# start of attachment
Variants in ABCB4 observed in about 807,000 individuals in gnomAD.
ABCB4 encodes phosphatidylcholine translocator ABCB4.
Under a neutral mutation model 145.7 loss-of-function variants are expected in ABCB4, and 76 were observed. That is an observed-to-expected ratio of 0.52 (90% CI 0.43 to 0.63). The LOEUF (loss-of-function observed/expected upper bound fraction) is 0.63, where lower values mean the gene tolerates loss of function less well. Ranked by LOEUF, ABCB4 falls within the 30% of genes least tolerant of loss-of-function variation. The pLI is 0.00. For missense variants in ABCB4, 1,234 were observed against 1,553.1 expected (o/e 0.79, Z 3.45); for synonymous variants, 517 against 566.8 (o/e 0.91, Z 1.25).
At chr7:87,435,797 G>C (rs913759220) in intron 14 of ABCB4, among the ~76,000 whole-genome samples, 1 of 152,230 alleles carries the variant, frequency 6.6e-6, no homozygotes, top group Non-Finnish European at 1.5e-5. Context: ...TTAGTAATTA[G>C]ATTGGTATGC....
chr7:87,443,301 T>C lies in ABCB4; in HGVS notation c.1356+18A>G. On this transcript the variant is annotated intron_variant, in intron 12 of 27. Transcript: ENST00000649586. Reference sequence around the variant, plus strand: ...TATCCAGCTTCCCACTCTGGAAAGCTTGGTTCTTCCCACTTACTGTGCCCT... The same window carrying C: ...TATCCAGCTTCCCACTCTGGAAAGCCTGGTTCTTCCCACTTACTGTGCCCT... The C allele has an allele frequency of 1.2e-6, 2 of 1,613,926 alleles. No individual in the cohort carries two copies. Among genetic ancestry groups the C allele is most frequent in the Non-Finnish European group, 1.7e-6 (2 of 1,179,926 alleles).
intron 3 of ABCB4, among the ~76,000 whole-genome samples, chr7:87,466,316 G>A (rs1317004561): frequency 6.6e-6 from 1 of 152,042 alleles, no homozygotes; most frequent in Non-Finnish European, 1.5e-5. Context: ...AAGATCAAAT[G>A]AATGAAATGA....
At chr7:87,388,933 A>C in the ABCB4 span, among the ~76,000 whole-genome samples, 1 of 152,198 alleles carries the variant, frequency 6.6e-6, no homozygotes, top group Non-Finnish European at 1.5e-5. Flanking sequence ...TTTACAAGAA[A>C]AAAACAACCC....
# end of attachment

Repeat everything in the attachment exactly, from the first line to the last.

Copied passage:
Variants in ABCB4 observed in about 807,000 individuals in gnomAD.
ABCB4 encodes phosphatidylcholine translocator ABCB4.
Under a neutral mutation model 145.7 loss-of-function variants are expected in ABCB4, and 76 were observed. That is an observed-to-expected ratio of 0.52 (90% CI 0.43 to 0.63). The LOEUF (loss-of-function observed/expected upper bound fraction) is 0.63, where lower values mean the gene tolerates loss of function less well. Ranked by LOEUF, ABCB4 falls within the 30% of genes least tolerant of loss-of-function variation. The pLI is 0.00. For missense variants in ABCB4, 1,234 were observed against 1,553.1 expected (o/e 0.79, Z 3.45); for synonymous variants, 517 against 566.8 (o/e 0.91, Z 1.25).
At chr7:87,435,797 G>C (rs913759220) in intron 14 of ABCB4, among the ~76,000 whole-genome samples, 1 of 152,230 alleles carries the variant, frequency 6.6e-6, no homozygotes, top group Non-Finnish European at 1.5e-5. Context: ...TTAGTAATTA[G>C]ATTGGTATGC....
chr7:87,443,301 T>C lies in ABCB4; in HGVS notation c.1356+18A>G. On this transcript the variant is annotated intron_variant, in intron 12 of 27. Transcript: ENST00000649586. Reference sequence around the variant, plus strand: ...TATCCAGCTTCCCACTCTGGAAAGCTTGGTTCTTCCCACTTACTGTGCCCT... The same window carrying C: ...TATCCAGCTTCCCACTCTGGAAAGCCTGGTTCTTCCCACTTACTGTGCCCT... The C allele has an allele frequency of 1.2e-6, 2 of 1,613,926 alleles. No individual in the cohort carries two copies. Among genetic ancestry groups the C allele is most frequent in the Non-Finnish European group, 1.7e-6 (2 of 1,179,926 alleles).
intron 3 of ABCB4, among the ~76,000 whole-genome samples, chr7:87,466,316 G>A (rs1317004561): frequency 6.6e-6 from 1 of 152,042 alleles, no homozygotes; most frequent in Non-Finnish European, 1.5e-5. Context: ...AAGATCAAAT[G>A]AATGAAATGA....
At chr7:87,388,933 A>C in the ABCB4 span, among the ~76,000 whole-genome samples, 1 of 152,198 alleles carries the variant, frequency 6.6e-6, no homozygotes, top group Non-Finnish European at 1.5e-5. Flanking sequence ...TTTACAAGAA[A>C]AAAACAACCC....